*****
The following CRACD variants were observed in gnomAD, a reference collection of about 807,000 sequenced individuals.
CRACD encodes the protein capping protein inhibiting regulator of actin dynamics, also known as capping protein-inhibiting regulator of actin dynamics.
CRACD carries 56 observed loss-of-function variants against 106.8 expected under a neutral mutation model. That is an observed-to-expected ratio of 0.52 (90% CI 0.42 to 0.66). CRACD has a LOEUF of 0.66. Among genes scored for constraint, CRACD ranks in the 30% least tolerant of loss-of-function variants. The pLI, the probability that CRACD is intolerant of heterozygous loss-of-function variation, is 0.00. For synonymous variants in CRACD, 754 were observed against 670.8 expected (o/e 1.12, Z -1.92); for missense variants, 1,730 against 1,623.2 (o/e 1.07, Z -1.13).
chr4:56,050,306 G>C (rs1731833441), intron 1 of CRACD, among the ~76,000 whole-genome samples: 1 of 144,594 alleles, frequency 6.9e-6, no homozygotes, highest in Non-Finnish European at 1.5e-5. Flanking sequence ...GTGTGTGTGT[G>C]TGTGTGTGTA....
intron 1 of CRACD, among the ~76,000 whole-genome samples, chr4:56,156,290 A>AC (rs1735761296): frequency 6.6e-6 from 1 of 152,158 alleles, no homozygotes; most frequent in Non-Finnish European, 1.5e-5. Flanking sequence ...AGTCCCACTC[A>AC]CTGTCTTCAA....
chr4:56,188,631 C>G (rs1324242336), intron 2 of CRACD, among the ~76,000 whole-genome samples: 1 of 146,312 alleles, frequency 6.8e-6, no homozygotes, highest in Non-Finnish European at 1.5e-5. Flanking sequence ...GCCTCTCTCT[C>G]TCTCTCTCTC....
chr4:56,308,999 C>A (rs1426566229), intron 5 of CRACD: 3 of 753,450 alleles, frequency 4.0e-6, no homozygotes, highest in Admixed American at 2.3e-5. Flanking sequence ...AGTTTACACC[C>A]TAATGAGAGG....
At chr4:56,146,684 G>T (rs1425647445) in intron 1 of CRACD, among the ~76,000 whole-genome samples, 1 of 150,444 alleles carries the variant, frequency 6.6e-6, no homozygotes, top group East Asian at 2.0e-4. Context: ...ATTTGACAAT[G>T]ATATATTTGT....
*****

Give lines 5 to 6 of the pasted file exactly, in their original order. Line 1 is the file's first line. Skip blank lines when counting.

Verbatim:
intron 1 of CRACD, among the ~76,000 whole-genome samples, chr4:56,156,290 A>AC (rs1735761296): frequency 6.6e-6 from 1 of 152,158 alleles, no homozygotes; most frequent in Non-Finnish European, 1.5e-5. Flanking sequence ...AGTCCCACTC[A>AC]CTGTCTTCAA....
chr4:56,188,631 C>G (rs1324242336), intron 2 of CRACD, among the ~76,000 whole-genome samples: 1 of 146,312 alleles, frequency 6.8e-6, no homozygotes, highest in Non-Finnish European at 1.5e-5. Flanking sequence ...GCCTCTCTCT[C>G]TCTCTCTCTC....